World Lung Cancer Day: Promoting Lung Cancer Awareness

On World Lung Cancer Day, 1st August 2017, Oncimmune celebrate, commemorate & support all those affected by lung cancer.

World Lung Cancer day, now in its 6th year, was first started by Betsy Thompson, founder of the Lung Cancer Survivors Foundation.  World Lung Cancer Day was originally called Lung Cancer Survivor Day and was designed to bring survivors and sufferers together, to give them a united voice to inform and promote all causes and symptoms of lung cancer. World Lung Cancer Day isn’t a day promoting anti-smoking, it is a day dedicated to promoting awareness of lung cancer and all of its causes. Lung cancer was often thought of as the smoking disease, but not all cases of lung cancer are attributed to smoking.  Other risk factors such as genetics, a history of cancer and the environment (eg: radon, asbestos, and uranium) also need to be considered.

Since its inception, the day has grown in recognition and is now being advocated by many key organisations who are members of the Forum of International Respiratory Societies (FIRS) including the American College of Chest Physicians (CHEST), American Thoracic Society (ATS) and the European Respiratory Society (ERS).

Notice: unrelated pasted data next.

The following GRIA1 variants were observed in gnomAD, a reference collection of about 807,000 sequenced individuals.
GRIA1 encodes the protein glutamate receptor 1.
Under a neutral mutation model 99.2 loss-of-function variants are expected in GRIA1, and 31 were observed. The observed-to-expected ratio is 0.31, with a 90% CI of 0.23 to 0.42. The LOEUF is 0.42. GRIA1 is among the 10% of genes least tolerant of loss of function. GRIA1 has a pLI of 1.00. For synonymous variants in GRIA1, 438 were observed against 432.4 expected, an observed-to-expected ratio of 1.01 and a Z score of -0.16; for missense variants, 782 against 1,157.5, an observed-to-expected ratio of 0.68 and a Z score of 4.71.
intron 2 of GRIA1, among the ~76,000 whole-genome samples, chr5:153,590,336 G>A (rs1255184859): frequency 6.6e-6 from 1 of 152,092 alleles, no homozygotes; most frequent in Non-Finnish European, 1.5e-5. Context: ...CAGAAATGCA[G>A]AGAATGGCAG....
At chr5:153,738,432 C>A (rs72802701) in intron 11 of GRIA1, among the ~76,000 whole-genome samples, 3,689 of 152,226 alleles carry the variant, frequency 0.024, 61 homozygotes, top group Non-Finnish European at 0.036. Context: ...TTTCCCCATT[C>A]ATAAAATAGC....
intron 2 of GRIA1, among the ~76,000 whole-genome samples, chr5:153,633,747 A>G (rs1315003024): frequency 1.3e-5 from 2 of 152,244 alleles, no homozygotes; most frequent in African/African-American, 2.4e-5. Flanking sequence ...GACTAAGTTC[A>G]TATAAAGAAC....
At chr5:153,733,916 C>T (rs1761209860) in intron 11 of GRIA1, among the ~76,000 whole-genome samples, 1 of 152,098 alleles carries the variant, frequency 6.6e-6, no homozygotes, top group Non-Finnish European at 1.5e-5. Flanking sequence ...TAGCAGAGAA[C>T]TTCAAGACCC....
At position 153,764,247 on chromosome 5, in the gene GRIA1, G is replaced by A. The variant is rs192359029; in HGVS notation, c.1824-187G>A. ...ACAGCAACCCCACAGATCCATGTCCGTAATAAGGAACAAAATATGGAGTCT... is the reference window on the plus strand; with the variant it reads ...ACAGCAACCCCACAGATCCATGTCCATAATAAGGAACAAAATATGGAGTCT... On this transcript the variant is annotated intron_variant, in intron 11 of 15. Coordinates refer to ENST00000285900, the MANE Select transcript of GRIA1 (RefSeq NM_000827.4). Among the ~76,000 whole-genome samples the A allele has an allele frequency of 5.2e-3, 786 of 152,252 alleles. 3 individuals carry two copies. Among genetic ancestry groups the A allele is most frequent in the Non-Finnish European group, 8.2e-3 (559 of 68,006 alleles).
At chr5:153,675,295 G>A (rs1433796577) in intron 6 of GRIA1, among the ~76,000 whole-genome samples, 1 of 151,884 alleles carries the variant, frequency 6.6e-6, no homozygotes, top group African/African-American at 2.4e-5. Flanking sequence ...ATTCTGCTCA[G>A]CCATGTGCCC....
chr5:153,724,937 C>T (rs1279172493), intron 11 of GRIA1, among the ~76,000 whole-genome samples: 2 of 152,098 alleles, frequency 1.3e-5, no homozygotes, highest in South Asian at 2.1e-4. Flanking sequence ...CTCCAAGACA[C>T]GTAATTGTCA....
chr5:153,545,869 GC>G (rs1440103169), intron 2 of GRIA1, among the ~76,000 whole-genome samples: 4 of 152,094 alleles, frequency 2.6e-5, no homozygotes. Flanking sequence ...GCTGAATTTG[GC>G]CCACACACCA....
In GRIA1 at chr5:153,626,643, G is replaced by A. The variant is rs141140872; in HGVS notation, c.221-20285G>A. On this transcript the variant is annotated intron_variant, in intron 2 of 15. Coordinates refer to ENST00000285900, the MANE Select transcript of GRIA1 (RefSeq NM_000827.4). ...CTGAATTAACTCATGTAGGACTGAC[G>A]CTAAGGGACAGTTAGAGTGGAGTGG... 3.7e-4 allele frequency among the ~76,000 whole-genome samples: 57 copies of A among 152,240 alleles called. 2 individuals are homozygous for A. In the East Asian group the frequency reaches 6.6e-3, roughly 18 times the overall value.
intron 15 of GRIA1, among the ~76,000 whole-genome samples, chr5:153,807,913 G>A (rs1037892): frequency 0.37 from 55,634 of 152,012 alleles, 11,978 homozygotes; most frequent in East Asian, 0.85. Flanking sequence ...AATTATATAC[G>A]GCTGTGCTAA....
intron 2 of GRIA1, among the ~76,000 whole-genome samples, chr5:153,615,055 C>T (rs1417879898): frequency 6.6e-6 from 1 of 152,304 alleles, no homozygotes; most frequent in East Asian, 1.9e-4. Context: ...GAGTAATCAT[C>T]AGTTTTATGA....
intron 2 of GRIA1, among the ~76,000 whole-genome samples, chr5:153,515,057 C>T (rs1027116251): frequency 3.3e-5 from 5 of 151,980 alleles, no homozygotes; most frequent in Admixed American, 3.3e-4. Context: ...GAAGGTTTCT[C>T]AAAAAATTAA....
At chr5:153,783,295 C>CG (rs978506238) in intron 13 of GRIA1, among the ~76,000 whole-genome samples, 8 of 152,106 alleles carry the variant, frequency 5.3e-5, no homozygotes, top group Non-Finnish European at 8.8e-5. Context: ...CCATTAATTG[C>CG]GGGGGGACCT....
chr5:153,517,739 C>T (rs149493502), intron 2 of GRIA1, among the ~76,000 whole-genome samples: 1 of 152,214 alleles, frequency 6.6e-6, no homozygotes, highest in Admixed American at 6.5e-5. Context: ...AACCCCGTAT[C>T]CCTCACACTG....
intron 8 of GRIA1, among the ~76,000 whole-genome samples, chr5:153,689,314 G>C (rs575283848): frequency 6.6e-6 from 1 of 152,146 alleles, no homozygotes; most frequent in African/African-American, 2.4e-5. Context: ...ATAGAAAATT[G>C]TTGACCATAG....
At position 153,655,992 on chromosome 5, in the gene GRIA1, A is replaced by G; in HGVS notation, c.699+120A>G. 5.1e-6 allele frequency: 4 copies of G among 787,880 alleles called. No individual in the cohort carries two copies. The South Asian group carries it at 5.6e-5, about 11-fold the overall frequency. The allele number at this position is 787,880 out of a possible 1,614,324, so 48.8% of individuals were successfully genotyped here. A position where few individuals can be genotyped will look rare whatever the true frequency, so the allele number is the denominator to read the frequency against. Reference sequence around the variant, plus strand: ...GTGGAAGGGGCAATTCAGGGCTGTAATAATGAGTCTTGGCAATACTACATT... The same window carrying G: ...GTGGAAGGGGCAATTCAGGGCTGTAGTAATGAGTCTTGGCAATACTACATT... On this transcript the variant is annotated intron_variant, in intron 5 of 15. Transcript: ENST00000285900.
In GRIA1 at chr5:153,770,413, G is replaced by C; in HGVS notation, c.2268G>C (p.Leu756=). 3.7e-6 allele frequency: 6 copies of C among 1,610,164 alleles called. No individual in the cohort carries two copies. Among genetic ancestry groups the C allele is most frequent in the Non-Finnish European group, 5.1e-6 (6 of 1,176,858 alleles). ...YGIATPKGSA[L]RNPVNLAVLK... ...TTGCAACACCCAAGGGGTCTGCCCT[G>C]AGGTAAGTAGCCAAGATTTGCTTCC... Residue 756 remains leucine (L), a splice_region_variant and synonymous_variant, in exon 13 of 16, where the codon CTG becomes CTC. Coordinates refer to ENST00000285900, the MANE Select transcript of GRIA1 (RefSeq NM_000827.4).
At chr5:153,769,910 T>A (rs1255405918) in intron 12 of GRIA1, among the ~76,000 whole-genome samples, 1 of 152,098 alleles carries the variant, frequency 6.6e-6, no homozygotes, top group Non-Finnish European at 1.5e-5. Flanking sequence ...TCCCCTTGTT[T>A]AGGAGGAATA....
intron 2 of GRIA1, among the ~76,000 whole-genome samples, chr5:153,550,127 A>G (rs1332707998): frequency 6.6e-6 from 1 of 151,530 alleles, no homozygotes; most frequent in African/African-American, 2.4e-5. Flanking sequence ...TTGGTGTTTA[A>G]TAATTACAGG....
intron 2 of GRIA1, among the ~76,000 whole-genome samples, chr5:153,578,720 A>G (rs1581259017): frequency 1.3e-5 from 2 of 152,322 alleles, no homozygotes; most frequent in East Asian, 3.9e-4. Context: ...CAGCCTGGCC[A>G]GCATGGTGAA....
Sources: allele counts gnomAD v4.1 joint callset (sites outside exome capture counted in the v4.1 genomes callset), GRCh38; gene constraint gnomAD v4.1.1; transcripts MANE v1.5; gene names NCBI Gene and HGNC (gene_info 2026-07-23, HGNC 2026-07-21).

2015 saw FIRS create a campaign called Honour, Unite, Inspire.  This was to enable physicians, patients and caregivers to have access to free downloadable materials.

2017 needs World Lung Cancer Day to continue to celebrate, commemorate and support the people affected by lung cancer. Lung cancer is still the biggest killer compared to all the other cancers, so make the day a priority – wear a white or translucent ribbon, support local events or check out The Lung Cancer Survivors Foundation Page for more ideas.

Oncimmune has developed and commercialised the EarlyCDT®–Lung, a simple blood test which is ordered by a doctor to aid in the risk assessment and early detection of lung cancer. EarlyCDT®–Lung has been developed so that individuals at high risk of developing lung cancer can benefit from an increased chance that lung cancer can be detected at the earliest possible stages, when treatment can be most successful.